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. Last Updated: 07/27/2016

MARQUEE: Comedy Soft On History's Hard Truths




"Profi" at the Stanislavsky Drama Theater is a comedy by the Serbian writer Dushan Kovachevich that attempts to come


to terms with the recent Communist past. As directed by Alexei Litvin, the emphasis is more on covering up hard questions than answering them.


At the center are two men - Teodor Teo Krai, a "great" dissident writer who since the fall of Communism has been the editor at a prestigious publishing house, and Luka Laban, a "professional," or, in plainer terms, a secret policeman who has followed Teodor's every step for 18 years. Luka lost his job two years ago, but even as he supported himself by driving a taxi he continued his surveillance out of habit and out of the affection he has come to feel for Teodor. Now Luka has paid a visit to Teodor in his spiffy modern office (designed by Alexander Oparin) to hand over his files and make a clean break with his past.


Kovachevich wrote a "humanistic" play about the relative nature of the relationship between the oppressor and the oppressed. It's a laudable stance for it presumes the undeniable truth that all humans can err for reasons beyond their control. But, as the play is performed at the Stanislavsky, I see little more in it than a feeble, feel-good


apologia for human weakness.


The most attractive of the pair is Leonid Satanovsky's Luka.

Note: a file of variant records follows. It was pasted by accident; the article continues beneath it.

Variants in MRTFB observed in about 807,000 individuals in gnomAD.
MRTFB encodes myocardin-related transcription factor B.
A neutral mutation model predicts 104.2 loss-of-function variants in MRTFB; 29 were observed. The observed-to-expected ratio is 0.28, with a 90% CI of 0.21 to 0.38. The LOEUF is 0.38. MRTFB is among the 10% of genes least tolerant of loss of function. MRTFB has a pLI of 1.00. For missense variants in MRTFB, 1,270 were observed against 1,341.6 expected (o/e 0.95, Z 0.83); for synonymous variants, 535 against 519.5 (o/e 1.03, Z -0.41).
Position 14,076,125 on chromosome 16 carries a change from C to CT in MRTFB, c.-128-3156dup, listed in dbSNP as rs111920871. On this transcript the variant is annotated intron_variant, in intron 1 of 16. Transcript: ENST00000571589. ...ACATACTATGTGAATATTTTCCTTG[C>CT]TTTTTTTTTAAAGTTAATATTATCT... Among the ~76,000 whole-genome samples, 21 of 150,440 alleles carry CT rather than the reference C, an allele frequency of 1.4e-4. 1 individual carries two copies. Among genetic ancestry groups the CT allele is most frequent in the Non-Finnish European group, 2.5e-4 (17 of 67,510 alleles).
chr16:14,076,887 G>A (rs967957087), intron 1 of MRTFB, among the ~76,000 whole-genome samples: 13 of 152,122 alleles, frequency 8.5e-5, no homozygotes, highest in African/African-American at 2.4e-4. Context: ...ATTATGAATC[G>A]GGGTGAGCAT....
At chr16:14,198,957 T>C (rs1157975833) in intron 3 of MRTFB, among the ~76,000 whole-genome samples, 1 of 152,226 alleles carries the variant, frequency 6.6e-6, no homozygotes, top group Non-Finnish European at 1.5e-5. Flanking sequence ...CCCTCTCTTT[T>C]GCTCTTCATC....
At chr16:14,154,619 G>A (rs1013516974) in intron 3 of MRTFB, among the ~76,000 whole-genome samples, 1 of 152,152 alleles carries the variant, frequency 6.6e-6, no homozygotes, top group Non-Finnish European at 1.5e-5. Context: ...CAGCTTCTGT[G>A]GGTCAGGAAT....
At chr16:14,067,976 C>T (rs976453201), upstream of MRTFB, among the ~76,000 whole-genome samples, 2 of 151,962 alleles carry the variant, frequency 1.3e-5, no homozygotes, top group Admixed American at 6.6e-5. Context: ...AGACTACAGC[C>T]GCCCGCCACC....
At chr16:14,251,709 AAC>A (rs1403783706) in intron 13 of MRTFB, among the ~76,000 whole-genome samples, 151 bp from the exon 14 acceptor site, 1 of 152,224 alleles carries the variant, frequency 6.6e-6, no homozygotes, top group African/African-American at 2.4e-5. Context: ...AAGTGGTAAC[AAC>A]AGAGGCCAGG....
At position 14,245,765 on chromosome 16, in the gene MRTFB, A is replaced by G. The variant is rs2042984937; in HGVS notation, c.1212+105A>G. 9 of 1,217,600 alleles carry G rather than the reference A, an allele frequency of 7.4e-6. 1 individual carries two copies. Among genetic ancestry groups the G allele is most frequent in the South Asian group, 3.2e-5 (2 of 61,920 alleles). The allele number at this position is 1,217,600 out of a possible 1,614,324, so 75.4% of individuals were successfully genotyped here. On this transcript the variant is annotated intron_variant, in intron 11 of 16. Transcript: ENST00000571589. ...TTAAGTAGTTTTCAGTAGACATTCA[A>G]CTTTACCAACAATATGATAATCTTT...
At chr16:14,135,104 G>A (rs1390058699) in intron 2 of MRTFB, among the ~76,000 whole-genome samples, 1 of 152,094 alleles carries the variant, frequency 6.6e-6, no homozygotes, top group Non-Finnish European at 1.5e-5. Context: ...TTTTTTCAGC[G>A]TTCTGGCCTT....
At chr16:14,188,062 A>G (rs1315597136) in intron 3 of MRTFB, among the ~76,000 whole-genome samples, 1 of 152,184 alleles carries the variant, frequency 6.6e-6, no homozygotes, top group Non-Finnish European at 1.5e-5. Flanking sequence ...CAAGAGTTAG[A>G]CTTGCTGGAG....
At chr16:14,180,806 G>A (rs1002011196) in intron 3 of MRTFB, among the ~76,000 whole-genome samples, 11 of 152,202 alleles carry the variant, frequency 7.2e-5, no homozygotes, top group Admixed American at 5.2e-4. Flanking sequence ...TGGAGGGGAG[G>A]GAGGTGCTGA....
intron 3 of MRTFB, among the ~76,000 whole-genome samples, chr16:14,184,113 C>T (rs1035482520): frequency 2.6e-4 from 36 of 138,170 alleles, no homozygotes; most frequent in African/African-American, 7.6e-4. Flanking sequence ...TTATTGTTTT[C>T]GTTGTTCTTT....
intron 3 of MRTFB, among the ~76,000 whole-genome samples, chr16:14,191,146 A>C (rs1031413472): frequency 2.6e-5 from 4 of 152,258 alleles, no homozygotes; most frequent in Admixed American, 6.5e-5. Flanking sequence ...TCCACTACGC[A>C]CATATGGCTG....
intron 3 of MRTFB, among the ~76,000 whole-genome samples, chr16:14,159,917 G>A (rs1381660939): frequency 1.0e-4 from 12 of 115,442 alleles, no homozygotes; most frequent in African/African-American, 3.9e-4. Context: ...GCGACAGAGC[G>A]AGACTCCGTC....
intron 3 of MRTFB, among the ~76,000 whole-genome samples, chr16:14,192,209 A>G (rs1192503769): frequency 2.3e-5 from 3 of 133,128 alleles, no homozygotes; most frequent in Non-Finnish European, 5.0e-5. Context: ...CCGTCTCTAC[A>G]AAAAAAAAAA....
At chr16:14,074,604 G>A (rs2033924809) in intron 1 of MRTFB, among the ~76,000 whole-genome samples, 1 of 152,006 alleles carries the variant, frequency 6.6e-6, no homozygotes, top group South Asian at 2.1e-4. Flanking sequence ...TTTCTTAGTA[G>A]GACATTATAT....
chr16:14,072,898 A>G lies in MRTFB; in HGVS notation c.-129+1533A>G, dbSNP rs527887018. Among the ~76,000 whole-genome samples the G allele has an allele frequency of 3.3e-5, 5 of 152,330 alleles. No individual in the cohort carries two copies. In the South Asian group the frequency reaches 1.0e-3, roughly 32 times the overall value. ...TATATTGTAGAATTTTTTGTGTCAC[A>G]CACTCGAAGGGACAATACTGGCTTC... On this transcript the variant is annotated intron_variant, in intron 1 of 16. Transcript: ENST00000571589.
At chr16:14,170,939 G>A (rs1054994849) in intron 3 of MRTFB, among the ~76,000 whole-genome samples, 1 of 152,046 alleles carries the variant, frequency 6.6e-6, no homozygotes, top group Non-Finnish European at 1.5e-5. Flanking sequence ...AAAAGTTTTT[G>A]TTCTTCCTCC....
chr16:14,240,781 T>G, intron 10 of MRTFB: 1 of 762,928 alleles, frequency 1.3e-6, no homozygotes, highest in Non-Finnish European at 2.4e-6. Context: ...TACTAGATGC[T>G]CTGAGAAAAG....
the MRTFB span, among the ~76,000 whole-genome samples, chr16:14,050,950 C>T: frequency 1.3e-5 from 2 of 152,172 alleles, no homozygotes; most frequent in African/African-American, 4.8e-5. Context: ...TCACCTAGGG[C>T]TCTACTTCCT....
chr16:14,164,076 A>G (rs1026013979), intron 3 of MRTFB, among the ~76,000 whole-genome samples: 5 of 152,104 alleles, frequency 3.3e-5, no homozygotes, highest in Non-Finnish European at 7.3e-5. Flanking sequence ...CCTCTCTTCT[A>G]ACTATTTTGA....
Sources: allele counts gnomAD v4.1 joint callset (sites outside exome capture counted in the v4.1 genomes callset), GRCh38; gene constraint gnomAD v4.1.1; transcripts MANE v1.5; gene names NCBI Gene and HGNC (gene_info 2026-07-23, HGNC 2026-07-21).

This gentle, easygoing agent is a man who, to the limited degree of his capabilities, has taken stock of his life. He has acquired respect for Teodor but has never lost self- respect either. Satanovsky, by sheer personal charisma, brings us close to this professional snitch.


Mikhail Yanushkevich's Teodor is less fleshed-out. He is simple at heart, self-centered and burdened with a mind not nearly as quick as that of his nemesis. As such it makes it hard to take him seriously as a worthy object of the former government's undivided attention to say nothing of our own. The closest he really seems to come to greatness is when he puts on an old fur hat Bulat Okudzhava once gave him.


As Luka advanced his theory that he never engaged in vile activities "more than was necessary" and intimated that he was as much a victim as the man he persecuted for two decades, I found myself pondering the notion that oversimplifying the past is not the same as making peace with our mistakes.


- John Freedman